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Eurozone inflation accelerated more than expected to breach 4% for the second time ever, adding to the challenge for the European Central Bank in fighting increasingly aggressive market bets to raise interest rates.
Consumer prices rose 4.1% in October, compared to economists’ average estimate of 3.7%, according to figures released by Eurostat on Friday. A measure that excludes volatile ingredients like food and energy rose to 2.1%, a rate not seen in nearly two decades.
On the eve of the data, European Central Bank President Christine Lagarde tried to back off investor bets that her institution would have to raise interest rates next year, declaring such pricing contrary to her own analysis and policy guidance.
That left investors unaffected. On Friday, they began pricing rate increases of 20 basis points by October 2022, even before Lagarde tried to convince them that their expectations were far from reality.
“There is no doubt that investors have a different view on inflation than the ECB,” said Rishi Mishra, analyst at Futures First.
Lagarde acknowledged that the faster rate increases would last longer than the ECB had previously expected, but she also stuck to the view that they would slow down through 2022.
What Bloomberg Says About Economics…
Eurozone inflation in October hit an all-time high in the face of rising energy prices. We expect it to accelerate further in November, but that should mark the peak.”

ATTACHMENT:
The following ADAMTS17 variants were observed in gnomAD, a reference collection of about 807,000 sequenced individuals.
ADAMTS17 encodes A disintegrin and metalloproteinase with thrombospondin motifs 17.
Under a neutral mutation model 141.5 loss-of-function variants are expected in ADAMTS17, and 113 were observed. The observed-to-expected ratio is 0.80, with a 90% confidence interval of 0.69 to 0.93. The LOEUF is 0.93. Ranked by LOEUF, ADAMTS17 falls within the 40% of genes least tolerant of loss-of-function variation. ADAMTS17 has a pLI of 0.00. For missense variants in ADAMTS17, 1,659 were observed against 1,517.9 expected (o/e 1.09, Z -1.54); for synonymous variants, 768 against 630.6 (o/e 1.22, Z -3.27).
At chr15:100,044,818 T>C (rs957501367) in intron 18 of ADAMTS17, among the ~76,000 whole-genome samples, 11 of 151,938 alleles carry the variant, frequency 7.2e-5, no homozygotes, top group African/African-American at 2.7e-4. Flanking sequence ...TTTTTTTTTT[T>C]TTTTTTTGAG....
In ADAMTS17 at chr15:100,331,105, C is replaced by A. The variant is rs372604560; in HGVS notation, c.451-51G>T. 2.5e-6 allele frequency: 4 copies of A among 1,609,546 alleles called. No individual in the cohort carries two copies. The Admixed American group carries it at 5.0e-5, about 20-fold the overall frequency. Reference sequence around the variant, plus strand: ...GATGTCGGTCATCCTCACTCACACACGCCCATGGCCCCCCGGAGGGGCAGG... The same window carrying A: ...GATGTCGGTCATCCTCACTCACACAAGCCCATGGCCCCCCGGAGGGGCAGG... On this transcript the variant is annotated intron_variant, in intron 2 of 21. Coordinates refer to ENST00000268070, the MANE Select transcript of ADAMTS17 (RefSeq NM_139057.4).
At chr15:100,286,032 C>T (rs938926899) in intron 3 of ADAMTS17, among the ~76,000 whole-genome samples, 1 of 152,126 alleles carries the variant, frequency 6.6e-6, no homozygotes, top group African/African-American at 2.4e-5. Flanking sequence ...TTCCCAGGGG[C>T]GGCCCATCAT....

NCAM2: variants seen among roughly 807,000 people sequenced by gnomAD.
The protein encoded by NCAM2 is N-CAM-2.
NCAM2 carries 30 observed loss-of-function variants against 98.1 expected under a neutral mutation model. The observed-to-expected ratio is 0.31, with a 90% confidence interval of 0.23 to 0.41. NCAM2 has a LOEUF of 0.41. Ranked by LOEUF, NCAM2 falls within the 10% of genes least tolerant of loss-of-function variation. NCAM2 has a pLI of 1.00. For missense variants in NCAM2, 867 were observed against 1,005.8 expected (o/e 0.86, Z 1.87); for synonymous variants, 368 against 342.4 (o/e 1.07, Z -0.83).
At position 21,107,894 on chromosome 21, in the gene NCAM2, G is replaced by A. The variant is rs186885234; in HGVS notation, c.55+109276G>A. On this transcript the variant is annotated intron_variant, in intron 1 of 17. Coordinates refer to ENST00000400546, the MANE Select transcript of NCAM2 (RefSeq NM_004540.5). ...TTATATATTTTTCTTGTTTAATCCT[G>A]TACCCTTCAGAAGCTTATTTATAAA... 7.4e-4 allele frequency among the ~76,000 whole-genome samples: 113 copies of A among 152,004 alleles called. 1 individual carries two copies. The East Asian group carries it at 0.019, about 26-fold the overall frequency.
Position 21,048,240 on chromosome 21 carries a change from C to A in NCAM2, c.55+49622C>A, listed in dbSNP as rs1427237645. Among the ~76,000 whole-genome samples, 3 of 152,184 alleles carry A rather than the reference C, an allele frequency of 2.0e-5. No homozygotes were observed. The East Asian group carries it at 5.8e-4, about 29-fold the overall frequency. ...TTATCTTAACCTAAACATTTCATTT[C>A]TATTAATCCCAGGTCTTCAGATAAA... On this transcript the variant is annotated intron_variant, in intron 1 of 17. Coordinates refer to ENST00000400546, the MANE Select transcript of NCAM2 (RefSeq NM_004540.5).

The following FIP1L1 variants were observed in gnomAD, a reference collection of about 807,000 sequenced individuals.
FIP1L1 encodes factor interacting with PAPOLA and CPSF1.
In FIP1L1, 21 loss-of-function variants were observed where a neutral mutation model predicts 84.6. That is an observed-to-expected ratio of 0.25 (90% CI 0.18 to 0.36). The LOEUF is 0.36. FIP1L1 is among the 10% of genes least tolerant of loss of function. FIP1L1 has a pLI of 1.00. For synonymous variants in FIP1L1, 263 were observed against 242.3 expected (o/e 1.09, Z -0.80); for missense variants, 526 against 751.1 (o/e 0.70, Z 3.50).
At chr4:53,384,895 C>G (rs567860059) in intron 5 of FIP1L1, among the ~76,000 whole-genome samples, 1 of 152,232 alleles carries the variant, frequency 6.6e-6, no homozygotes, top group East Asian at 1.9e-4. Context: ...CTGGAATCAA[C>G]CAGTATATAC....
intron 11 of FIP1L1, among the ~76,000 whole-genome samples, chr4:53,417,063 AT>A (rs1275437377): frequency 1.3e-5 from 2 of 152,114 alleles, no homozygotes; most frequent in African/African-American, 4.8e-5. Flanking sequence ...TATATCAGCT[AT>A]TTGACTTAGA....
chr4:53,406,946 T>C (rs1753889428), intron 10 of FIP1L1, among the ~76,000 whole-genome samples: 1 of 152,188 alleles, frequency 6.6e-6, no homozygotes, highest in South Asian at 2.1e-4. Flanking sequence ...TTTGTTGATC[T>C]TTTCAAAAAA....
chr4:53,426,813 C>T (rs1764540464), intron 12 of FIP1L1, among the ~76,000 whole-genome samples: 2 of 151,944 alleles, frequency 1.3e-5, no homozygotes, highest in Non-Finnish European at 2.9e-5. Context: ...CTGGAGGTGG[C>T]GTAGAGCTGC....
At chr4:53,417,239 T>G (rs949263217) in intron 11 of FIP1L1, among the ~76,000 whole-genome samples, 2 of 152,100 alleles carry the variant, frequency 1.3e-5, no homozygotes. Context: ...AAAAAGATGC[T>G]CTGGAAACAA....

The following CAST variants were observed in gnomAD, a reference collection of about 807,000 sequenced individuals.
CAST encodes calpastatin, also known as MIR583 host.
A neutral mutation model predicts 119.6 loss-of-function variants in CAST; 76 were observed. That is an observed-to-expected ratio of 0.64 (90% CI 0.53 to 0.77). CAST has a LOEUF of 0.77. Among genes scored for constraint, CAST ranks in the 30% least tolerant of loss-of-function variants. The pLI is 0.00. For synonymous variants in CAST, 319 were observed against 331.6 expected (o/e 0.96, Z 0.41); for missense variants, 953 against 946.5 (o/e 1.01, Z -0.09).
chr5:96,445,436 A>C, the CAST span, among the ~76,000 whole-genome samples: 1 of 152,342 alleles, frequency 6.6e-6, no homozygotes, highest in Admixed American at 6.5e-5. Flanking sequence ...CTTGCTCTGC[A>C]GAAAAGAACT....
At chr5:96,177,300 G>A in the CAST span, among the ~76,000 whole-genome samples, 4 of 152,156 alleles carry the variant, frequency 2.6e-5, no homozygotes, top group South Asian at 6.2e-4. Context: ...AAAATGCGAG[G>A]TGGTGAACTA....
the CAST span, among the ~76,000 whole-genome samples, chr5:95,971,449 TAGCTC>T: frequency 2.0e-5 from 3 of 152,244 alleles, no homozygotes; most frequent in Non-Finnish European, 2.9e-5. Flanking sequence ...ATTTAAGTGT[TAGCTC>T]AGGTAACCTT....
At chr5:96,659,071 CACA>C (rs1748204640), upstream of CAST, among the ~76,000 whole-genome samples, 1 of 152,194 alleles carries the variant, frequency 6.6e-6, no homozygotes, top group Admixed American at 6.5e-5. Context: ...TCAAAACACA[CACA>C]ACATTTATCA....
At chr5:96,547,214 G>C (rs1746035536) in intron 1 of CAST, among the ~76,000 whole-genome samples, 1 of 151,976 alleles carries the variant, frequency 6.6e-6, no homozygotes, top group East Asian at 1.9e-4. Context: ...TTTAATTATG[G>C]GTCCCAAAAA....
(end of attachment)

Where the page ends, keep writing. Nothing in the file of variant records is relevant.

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Her attempt to counter investor speculation stopped short of saying markets were wrong to bet on a rate hike next year. Officials familiar with the matter said this reflects agreement among members of the Governing Council that such a move could be counterproductive.
Based on market prices, investors expect the European Central Bank to raise borrowing costs for the first time in more than a decade to bring the deposit rate below 0.3% within a year.
The shift in the markets comes amid rising global inflation that some central banks – including the Bank of England and the Bank of Canada – have already shifted.
Stay tuned for our update on the latest economic data here.
Companies are struggling to deal with the erosion of global supply chains, causing costs for parts, raw materials and shipping to soar. Meanwhile, energy prices in the eurozone rose 23.5% in October, up from 17.6% the previous month, amid the natural gas crisis.
The anticipation of higher borrowing costs is also being felt in European bond markets. Italian and Greek 10-year debt yields – often considered the riskiest in the region – jumped 22 basis points and 11 basis points, respectively, to 1.29% and 1.17%. This pushed Italy’s record borrowing costs to their highest since July last year.
Professional forecasters surveyed by the European Central Bank also boosted their inflation forecasts for the period to 2023, although they continue to see a sharp slowdown in 2022 from the current level, according to a report on Friday. Respondents expect price growth of 1.9% in 2022 and 1.7% in 2023, below the European Central Bank’s target of 2%.
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